Whole Wheat is for Hippies
And nobody seems to have considered that the addition of material from other genres might make games unpalatable to the dedicated fanbase. Making big changes indicates developers that are either woefully out of touch with their fans, or more interested in marketing ploys than designing enjoyable games. Sure, multiple Star Trek endings about getting it on with alien babes might be a selling point to the uninitiated willing to try a shooter for a change of pace. But itís apt to turn off more shooter fans than convert adventure gamers. Twitch gamers want to twitch, not collect experience points and hone their pickup lines. Adventurers arenít going to appreciate the interruption of their puzzle solving to blast bugs. Youíve got a game that nobody but the dedicated Star Trek geek is going to embrace. No offense to those noble basement dwellers whose pulses still quicken whenever Geordi calls for a level-three diagnostic on the sensor array, but this isnít a marquee marketing angle during these bleak days of Scott Bakula.
More than just shooters are being affected by genre-bending. Roleplaying games are often more concept than story today. Neverwinter Nights still seems like more of a sop to shooter-centric online modders than a properly thought-out successor to the Baldurís Gate series. Yes, the toolkit is amazing, the module-making community a wonder to behold. But itís not much of a roleplaying game. The original campaign is dull and the expansion doesnít seem to offer many improvements. Competitors like Gothic and Pirates of the Caribbean might not have made as many sacrifices, although the developers have cluttered up the story-telling and strategizing with arcade-style sequences. Do we need even a single game that mars roleplaying with real-time ship combat? One is surely going to be an albatross around the neck of the other. Strategy games are almost entirely real-time now, a desire to please action gamers with mouseslinging thatís killing sober second thought. Command & Conquer: Generals, World War II: Frontline Command, and many other recent strategy titles have come stripped of everything unrelated to hurling units at the enemy.
Thereís also the consideration that changing the learning curve so much might cause people to fall out of the loop entirely. Sometimes, grafted-on features make games so different, so challenging, that theyíre too difficult to play. Iíve been faced with that myself of late in the shooter genre. I feel like Iím growing out of touch, especially when it comes to multiplayer games like Wolfenstein: Enemy Territory. While Iím all for adding depth to deathmatching, there is so much complexity in this Splash Damage freebie that Iím at a complete loss. The classes, the experience points, the skillsets, the massive maps with multiple team objectives confuse me even after hours of play. I feel like someoneís rearranged my neighborhood, taking familiar houses and street layouts and jumbling them into such a mess that I canít find my way home. Itís unsettling to the point that I canít see continuing to play the game, even though the small part of me that isnít bewildered knows that itís a fantastic product.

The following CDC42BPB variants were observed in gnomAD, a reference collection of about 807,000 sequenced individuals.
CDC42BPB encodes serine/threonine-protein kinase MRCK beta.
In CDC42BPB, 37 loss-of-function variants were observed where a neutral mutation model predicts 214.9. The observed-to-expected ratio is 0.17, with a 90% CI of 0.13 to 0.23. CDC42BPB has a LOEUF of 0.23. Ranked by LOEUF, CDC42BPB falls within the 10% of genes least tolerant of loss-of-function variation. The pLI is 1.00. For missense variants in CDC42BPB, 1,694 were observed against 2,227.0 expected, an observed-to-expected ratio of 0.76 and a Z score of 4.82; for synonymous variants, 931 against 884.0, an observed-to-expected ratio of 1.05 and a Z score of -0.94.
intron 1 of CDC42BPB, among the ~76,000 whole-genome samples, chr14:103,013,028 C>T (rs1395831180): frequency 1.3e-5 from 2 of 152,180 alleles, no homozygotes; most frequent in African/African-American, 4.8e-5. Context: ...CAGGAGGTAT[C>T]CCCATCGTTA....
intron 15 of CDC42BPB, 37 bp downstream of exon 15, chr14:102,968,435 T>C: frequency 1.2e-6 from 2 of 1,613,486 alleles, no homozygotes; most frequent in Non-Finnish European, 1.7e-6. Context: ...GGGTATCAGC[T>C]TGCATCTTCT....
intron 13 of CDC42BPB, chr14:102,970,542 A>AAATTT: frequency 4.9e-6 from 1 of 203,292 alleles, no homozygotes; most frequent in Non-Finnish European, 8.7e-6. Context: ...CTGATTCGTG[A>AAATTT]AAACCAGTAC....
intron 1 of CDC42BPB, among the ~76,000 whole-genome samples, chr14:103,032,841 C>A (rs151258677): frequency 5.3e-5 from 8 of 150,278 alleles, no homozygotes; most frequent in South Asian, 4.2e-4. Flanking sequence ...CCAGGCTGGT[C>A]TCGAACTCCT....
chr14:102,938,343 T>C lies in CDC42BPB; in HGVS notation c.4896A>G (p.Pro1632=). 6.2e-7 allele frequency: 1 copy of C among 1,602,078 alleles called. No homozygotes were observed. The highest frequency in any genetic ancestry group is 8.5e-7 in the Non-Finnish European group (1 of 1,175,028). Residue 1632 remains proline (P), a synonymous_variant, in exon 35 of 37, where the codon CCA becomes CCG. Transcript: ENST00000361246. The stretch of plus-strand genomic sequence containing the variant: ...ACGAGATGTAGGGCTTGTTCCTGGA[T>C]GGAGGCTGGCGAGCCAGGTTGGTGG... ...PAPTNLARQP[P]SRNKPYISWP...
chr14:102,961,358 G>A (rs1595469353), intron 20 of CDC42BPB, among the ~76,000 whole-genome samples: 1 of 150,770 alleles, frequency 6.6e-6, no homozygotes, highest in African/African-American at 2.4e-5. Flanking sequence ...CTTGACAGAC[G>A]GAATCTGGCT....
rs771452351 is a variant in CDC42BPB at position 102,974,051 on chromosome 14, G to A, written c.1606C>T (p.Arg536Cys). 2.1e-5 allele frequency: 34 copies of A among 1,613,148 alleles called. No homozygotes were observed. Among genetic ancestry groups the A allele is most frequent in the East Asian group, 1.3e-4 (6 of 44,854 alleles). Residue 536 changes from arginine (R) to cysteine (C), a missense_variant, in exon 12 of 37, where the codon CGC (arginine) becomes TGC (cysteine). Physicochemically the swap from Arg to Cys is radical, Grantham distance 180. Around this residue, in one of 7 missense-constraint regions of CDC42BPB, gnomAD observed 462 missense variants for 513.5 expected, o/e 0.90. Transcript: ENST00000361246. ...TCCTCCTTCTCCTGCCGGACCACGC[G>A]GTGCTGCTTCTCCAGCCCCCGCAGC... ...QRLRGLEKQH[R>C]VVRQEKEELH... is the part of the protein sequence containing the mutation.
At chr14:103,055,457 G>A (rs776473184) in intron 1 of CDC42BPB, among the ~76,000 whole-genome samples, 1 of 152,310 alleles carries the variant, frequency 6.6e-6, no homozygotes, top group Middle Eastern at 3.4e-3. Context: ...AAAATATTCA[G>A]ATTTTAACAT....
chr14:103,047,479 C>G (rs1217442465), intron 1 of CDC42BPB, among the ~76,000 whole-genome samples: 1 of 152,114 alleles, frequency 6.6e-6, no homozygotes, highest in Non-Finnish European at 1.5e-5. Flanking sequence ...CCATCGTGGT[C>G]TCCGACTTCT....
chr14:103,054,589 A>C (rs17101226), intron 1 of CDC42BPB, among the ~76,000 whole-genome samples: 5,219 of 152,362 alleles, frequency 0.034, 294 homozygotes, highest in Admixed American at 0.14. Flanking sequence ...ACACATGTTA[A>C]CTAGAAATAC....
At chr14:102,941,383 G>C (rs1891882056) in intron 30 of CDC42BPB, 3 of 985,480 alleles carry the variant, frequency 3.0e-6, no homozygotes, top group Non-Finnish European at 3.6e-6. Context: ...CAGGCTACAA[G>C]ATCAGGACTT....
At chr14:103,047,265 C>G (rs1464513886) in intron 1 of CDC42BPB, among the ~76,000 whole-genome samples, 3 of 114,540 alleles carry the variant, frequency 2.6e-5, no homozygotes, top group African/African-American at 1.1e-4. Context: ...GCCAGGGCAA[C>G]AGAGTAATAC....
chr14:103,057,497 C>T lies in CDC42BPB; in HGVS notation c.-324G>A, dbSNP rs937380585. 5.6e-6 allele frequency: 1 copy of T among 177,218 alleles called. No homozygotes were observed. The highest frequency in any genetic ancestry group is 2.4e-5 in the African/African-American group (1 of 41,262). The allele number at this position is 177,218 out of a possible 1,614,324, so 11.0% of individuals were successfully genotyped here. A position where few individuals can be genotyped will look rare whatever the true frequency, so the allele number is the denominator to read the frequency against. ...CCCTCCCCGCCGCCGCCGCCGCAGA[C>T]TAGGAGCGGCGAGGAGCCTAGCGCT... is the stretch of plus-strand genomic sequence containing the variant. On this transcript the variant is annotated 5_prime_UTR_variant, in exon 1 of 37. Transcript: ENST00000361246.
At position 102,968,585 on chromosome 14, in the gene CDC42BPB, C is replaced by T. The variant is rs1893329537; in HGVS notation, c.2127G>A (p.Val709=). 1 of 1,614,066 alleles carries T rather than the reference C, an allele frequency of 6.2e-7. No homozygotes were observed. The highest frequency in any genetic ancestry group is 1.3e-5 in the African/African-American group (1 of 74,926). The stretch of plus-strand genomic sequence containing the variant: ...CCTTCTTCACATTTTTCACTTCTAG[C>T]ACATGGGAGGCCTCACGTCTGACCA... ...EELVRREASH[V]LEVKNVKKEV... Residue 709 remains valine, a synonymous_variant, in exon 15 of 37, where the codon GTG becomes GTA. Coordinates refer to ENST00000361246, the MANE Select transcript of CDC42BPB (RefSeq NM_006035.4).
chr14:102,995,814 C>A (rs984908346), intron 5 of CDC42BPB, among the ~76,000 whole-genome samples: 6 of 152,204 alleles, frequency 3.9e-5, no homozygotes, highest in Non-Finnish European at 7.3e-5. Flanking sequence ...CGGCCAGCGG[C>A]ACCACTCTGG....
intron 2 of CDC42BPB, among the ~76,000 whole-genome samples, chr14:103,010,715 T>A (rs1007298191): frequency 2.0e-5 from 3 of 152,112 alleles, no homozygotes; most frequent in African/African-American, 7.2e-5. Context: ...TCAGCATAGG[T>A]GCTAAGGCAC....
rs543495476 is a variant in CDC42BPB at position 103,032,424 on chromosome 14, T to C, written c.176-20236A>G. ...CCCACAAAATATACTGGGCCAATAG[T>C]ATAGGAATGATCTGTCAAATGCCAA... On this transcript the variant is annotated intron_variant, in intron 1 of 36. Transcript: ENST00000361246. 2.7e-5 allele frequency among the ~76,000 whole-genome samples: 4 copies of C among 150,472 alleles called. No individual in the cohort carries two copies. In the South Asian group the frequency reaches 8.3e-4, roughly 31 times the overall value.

Sometimes, white bread is the best choice on the menu. There is a real value in knowing what youíre playing. Particularly when youíre being asked to shell out $50 for the privilege with no ability to get your money back. When I buy a shooter, I want a shooter. When I buy a roleplaying game, I want a roleplaying game. When I buy a strategy game, I want a strategy game. Additional stuff is nice, if presented in moderation and is tied into the shooting and roleplaying and strategizing in a meaningful way. But itís not absolutely necessary if the heart of the game is intact. Thatís a lesson that I wish developers would learn before I have to endure any more tacked-on romantic subplots.